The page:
Recruiting Tips to Build Your Dream Team

“In my head, we are already there.”

Those are the words Al Harrison (Kevin Costner) said in the movie Hidden Figures, when referring to NASA sending a man to the moon. He had a vision to see men in space, a vision so vivid, he saw them as already there!

What is your vision for your volunteer dream team?

With the competition today for volunteers, recruiters have to significantly up their game plan when it comes to recruiting top talent. Every organization wants the best, and today’s recruiters need to have a clear strategy in order to attract high capacity volunteers.

Can you visualize a picture of that dream team equipped and ready to tackle the project? Make your vision a reality with these four tips:

1. Target demographic groups for your dream team

Who do you need?

Last November I was teaching a worksop for CASA (Court Appointed Children Advocates) in Texas. During a break I met a retired hispanic Sheriff.  As a Texas sheriff he was required to retire at age 57, and he was not ready to spend all his time playing golf. Not only did he have a passion for the mission of CASA, but he also had contacts with retiring sheriffs, especially hispanic men.  CASA had determined that a demographic group they needed was hispanic men.

In that same workshop I also met a retired elementary school principal who had joined the staff of CASA.  She had many contacts with retired teachers who knew the challenges of foster children.

After you choose a target group, look for those retired professionals in that demographic group to be a lead volunteer.  Challenge them to use their network to build a strong volunteer team.  If you can, hire staff to reach that demographic group.

2.Create partnerships with the number one type of organizations that people are volunteering for.

Who is volunteering in America?

According to the Corporation for National and Community Service Volunteering in America Report, the number one type of organization that people are volunteering for in the U.S. comes from one of these:

  • Religious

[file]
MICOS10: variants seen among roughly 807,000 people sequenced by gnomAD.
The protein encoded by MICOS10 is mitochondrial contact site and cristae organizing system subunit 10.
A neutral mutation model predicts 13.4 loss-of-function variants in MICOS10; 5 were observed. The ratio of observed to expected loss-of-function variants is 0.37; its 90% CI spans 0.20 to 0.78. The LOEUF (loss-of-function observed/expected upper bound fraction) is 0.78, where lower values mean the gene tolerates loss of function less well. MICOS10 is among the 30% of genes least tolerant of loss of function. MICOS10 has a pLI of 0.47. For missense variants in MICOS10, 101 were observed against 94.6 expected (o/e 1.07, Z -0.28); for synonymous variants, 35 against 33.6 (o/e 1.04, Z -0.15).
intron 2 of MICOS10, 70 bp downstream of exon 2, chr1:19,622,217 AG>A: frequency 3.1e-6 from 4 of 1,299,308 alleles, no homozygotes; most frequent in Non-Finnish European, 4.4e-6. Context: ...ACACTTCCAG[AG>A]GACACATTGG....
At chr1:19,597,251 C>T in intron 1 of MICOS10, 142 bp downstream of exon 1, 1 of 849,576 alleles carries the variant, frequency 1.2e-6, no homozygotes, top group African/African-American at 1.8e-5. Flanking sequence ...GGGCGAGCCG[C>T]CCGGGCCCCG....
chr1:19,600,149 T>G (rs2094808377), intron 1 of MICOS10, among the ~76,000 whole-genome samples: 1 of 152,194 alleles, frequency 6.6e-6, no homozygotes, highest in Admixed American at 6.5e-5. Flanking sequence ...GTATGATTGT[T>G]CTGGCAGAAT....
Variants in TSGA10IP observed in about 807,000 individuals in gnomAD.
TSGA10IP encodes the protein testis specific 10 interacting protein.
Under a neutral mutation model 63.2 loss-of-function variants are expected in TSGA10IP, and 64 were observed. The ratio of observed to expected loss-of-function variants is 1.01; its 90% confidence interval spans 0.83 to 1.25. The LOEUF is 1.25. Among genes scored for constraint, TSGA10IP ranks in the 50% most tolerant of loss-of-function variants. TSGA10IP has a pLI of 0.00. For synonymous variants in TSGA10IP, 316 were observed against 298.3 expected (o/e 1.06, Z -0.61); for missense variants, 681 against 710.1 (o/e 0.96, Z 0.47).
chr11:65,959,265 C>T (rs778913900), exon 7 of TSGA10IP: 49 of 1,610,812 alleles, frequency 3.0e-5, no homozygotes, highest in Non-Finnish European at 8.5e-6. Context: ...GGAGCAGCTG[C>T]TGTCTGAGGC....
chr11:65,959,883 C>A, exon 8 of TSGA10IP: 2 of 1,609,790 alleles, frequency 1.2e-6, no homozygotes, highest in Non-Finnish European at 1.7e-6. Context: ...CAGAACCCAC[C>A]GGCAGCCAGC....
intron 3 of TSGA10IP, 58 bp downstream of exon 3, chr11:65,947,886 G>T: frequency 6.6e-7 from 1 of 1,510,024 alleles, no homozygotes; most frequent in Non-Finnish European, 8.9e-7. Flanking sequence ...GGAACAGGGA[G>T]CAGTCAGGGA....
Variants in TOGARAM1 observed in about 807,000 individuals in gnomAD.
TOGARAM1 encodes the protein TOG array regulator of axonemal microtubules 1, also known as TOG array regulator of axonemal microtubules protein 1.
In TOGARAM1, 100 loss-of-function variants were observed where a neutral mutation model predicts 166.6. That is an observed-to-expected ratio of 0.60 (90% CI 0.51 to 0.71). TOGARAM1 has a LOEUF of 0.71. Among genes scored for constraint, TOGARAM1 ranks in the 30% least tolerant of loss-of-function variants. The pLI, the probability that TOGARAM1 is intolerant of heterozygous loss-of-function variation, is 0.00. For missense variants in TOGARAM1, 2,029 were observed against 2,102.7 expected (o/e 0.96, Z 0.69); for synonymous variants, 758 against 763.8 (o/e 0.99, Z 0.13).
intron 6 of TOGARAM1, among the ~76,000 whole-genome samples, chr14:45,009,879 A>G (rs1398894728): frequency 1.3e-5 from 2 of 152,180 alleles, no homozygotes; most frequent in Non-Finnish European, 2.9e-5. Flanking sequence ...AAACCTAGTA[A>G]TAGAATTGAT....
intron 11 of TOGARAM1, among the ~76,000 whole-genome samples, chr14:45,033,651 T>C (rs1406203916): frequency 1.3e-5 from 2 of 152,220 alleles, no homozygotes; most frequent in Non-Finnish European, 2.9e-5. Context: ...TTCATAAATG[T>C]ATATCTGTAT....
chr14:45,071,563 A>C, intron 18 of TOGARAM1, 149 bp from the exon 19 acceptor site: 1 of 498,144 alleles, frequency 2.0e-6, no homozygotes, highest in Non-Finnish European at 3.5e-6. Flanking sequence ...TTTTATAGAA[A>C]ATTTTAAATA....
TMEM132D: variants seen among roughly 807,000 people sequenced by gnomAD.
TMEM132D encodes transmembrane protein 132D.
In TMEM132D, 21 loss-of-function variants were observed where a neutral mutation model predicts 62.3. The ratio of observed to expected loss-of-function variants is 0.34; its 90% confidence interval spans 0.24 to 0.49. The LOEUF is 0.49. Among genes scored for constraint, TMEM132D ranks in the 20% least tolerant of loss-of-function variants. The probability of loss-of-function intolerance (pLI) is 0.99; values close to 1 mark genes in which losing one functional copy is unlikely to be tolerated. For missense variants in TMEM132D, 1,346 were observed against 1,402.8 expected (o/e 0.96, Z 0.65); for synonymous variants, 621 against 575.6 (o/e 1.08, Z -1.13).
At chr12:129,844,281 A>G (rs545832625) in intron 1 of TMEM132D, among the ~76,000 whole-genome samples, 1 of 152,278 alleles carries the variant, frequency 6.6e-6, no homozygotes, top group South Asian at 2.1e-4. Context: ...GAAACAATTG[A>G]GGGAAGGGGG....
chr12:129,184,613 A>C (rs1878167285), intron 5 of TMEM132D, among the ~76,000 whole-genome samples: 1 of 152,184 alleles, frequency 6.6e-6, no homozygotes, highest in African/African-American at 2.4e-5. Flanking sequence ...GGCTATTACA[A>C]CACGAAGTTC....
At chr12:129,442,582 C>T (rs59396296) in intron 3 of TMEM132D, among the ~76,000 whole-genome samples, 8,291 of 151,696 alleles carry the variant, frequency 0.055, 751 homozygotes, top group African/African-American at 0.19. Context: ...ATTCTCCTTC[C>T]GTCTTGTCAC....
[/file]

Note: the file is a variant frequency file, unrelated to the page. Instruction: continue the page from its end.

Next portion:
• Educational
  • Social Services

Who do you think is number one?  Actually, I’ve listed them in order. In the U.S religious organizations were the number one type of organization with 31.1%. Eduction was number two with 25.2%, social services third with 14.6%.  Why is that significant?

Many churches are encouraging their members to join your dream teams. Last year I taught workshops in several churches that sponsored a tool box meeting for the leaders of organizations such as local food banks, CASA, Habitat for Humanity, Meals on Wheels, Boys and Girls Clubs, and the Red Cross. These churches were encouraging their members to get involved the community and “be the church” rather than just “go to church.” I even saw one church that gave their members T-shirts with the mantra printed on the back of the shirt, “Don’t Go to Church — Be the Church.”

Schools and business make excellent partnerships.

3.Brainstorm at least ten dream team prospects. 

Get a legal pad and write at the top these words, “My Dream Team.”  Don’t quit until you have at least 10 names.

Jonathan McKee, co-author of our book, The New Breed, talks about this method in his handy little guide for ministry volunteers leaders. “Brainstorm,” he says. Visualize who you think would be an incredible asset on your team!

I learned this method many years ago, when I was in my 20s (yes, some 20th century methods still work). I was recruiting volunteers to coach and mentor young people.  I met once a month with other team leaders in what we called a “recruiting team.”  We sat in a circle with our yellow pads and would brainstorm lists of prospective volunteers. I not only suggested volunteers from the high school students I was working with, but I left the meeting with a list of potential volunteers.

4.And finally,  ASK them personally to join our dream team.

When you ask someone you are telling that potential volunteer, “I value you for this role.”  Announcements and posting for volunteers don’t communicate that personal value.

And be sure to ask for a date, not marriage. To build the successful dream team, ask the volunteer to take part in an event so you can work with them and see how they work. Then you can decide if you really want them on your dream team. To read more on the dating method, see, “Recruiting is Like Dating—Don’t ask for Marriage on a First Date.

Ask yourself these four questions to test your recruiting methods.

  • One:  Are you targeting certain leaders in the demographic group you want to recruit?
  • Two: Have you created key partnerships with organizations that people volunteer for such as churches, schools and businesses?
  • Three:  Have you brainstormed a list at least 10 potential volunteer team members on a yellow pad?
  • Four:  Do you ask each on your list personally?
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